Use this URL to cite or link to this record in EThOS:
Title: Monte Carlo simulation of flattening filter free linacs with emphasis on photoneutron production
Author: Najem , Maan Adnan
ISNI:       0000 0004 5349 5342
Awarding Body: University of Surrey
Current Institution: University of Surrey
Date of Award: 2014
Availability of Full Text:
Access through EThOS:
The aim of this work is to study the effect of removing the flattening filter (FF) from the head of a linear accelerator (linac) on photon beam dosimetric properties and treatment outcomes with emphasis on photoneutron production. An Intensive Monte Carlo (MC) study was carried out for this purpose using two MC codes: FLUKA and BEAMnrx/DOSXYZnrc. These codes were used to model the head of Varian Clinac and/or TrueBeam linacs with and without a FF. For the Varian Clinac, several aspects of the FF removal were addressed. These include: first, study of the dosimetric characteristics of the 15 MV unflattened beam such as dose rate, percentage depth dose on the central axis, beam profile, out-of-field dose, surface dose and neutron contamination. Second, the neutron fluence in treatment rooms housing flattening filter free (FFF) linacs at different energies. Third, the quality of megavolt age cone beam computed tomography (MVCBCT) images by using the 6FFF photon beam with a copper target. Fourth, the feasibility of using the 15FFF beam in intensity modulated radiotherapy (IMRT) for prostate cancer with regard to planning target volume (PTV) coverage, organs at risk sparing (OAR) and neutron dose to the patient was studied. Finally, the dosimetric effect of combining two FFF beams and investigating its practicality was studied. For the Varian TrueBeam, the dosimetric properties of 6 and 10 MV photon beams with and without a FF were calculated using the second version of Varian TrueBeam phase-spade files and compared with measurements. In addition, four volumetric modulated radiotherapy (VMAT) plans of a prostate cancer case for these photon beams were modelled using MC techniques for comparison. Results obtained showed that the 15FFF photon beam of the Varian Clinac has a dose rate 4.86±0.09% times higher than the flattened one and the average out-of-field dose from the edge of the field to the edge of the phantom was reduced by 44.0±0.5%.The neutron fiuence and neutron dose equivalent at the isocentre were also reduced by 77±3%. However, the photon surface dose of the unfiattened beam increased by 13.0±0.3%. Moreover, a significant drop-off in neutron fiuence at different locations inside the treatment room was found when the FF was · removed. For example: the neutron fiuence at the isocentre decreased by 54.0±4.2%, 76.0±1.4% and 75.0±0.8% for 10, 15 and 18 MV, respectively. This would decrease the neutron dose to patient and medical staff as well as reduce the shielding cost of the treatment room. A reduction was observed in the mean energy of the photon spectrum and an increase is obtained in the low energy photon ratio when the 6FFF beam with the copper target was used leading to an improvement in the quality of MVCBCT images. The local contrast in the MVCBCT images when two cylindrical bones with a 2 cm diameter were placed inside a water phantom with a 5 cm thickness was improved by 31.0±1.3% when the copper target was used. The 15FFF did not provide sufficient coverage to the PTV because the modelled 15FFF plan was not optimised as the hospital treatment planning system did not have the 15FFF data required for the optimising process. However, the calculated neutron dose from a full step and shoot IMRT plan on a water phantom decreased significantly with the use of the 15FFF. Combining the 6 and 15FFF beams provided better sparing of the rectum and bladder and less surface dose. This technique could improve the current IMRT treatments. The calculated dosimetric properties using new TrueBeam phase-space files agreed with measured data. Results of out-of-field dose were found to decrease by 30.4±0.6% and 44.8±0.8% for the unfiattened 6 and 10 MV beams, respectively, compared to the flattened beams. The homogeneity index (HI) within the PTV for 6 and 10 photon beams with and without FF plans were found to be 0.08, 0.07, 0.09, and 0.11, respectively. The volume receiving 70 Gy within the bladder were 11.9% ,11.3%, 11.0% and 4.7%, respectively. The VMAT plan treated with the conventional 10 MV beam provided the lowest HI, while the VMAT plan treated with the 10FFF beam provided the highest OAR sparing. All VMAT plans were found to be acceptable clinically. From all results obtained, it can be concluded that the unflattened beam can lead to better treatment outcomes and could provide a step forward towards optimum photon radiotherapy. -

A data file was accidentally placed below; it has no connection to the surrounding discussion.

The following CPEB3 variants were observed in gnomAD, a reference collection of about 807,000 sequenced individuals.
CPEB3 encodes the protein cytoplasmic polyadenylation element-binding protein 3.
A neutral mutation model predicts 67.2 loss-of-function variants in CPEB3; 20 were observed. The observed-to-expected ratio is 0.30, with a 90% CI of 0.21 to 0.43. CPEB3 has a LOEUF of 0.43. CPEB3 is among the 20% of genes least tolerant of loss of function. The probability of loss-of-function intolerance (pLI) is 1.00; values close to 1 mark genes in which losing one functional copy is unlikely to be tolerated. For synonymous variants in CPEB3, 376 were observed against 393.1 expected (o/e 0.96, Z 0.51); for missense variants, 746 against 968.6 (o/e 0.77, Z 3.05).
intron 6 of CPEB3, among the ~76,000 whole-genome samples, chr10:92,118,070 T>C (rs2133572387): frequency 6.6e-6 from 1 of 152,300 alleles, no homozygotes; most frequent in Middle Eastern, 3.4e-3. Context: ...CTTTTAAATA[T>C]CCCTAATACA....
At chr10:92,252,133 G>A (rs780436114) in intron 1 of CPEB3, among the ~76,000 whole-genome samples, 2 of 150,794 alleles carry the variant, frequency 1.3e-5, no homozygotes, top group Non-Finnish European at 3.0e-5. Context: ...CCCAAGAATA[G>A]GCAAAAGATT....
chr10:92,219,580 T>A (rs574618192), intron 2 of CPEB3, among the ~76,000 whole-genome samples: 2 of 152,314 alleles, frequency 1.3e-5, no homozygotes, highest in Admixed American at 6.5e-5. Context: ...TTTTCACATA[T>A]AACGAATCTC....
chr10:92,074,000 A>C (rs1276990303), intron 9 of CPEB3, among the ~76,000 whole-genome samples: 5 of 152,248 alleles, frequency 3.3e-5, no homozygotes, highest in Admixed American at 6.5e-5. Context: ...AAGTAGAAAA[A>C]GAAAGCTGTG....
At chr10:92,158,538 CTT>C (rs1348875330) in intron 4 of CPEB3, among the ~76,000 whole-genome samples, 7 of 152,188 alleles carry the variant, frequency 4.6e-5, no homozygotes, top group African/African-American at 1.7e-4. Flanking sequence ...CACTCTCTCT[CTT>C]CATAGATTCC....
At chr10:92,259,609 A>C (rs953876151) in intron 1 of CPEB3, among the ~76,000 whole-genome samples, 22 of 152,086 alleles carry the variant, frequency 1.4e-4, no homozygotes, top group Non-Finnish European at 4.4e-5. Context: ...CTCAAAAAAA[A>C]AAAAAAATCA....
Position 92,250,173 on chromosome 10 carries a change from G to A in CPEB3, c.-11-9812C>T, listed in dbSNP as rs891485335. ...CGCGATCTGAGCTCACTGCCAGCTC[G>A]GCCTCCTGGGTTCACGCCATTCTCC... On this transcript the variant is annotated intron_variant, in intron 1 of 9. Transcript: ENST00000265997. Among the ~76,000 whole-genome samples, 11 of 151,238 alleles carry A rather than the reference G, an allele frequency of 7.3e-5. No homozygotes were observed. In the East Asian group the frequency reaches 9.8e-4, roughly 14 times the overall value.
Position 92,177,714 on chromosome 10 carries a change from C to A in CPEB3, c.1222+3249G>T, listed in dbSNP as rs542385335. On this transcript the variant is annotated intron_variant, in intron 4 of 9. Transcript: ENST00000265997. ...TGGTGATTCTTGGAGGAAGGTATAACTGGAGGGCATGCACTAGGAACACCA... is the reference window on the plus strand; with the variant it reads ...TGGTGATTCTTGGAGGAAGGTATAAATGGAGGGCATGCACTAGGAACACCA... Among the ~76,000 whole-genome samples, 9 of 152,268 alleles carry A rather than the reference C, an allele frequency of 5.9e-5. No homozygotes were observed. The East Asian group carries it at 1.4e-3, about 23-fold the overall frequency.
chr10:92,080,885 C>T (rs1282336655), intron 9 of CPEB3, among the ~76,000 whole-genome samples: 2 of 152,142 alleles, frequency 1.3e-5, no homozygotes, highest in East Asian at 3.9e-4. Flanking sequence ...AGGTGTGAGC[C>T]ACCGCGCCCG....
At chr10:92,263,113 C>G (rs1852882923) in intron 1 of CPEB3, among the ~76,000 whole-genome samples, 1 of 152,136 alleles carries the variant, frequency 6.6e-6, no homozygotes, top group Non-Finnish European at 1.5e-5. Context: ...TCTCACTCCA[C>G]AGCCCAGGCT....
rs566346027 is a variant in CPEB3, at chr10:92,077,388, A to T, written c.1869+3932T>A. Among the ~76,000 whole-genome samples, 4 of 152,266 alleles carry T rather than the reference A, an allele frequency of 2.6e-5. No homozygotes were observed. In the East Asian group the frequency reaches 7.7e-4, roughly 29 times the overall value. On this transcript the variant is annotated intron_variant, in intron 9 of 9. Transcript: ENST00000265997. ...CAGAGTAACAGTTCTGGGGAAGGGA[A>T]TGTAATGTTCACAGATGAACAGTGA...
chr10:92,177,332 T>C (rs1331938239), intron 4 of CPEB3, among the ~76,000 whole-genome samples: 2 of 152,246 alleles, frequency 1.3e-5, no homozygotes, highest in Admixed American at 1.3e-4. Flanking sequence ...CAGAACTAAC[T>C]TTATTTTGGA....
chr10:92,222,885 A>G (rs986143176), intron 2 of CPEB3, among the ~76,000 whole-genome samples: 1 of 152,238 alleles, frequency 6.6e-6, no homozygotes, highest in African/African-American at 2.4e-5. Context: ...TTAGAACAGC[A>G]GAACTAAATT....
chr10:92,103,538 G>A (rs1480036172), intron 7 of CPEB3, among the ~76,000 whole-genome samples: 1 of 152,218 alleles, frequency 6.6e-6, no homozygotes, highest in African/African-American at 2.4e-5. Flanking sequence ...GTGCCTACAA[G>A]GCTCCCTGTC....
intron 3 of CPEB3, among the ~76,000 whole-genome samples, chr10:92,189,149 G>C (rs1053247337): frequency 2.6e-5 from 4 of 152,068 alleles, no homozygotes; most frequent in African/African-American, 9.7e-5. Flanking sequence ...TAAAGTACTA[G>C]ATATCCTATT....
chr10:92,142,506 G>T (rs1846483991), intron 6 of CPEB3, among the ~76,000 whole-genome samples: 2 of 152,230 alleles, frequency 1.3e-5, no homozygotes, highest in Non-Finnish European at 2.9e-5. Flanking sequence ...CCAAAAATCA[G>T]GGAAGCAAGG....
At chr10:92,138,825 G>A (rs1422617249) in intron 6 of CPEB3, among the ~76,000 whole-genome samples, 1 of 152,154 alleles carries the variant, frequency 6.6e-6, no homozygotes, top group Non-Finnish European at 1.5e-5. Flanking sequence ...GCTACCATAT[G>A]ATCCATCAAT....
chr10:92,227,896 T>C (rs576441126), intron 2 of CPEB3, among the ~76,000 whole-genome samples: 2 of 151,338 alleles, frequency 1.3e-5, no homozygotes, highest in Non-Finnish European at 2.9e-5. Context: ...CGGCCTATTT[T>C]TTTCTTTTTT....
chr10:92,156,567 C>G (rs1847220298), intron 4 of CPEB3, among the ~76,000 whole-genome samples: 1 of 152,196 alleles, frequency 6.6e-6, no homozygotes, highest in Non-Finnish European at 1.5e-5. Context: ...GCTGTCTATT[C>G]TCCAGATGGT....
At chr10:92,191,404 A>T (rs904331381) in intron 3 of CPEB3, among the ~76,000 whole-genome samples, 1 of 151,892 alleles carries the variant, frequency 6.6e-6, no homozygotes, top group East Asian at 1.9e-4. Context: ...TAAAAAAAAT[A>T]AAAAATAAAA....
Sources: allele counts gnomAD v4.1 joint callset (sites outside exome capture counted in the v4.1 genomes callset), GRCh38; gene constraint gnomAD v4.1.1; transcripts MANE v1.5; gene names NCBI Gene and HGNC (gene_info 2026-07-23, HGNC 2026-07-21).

Supervisor: Not available Sponsor: Not available
Qualification Name: Thesis (Ph.D.) Qualification Level: Doctoral
EThOS ID:  DOI: Not available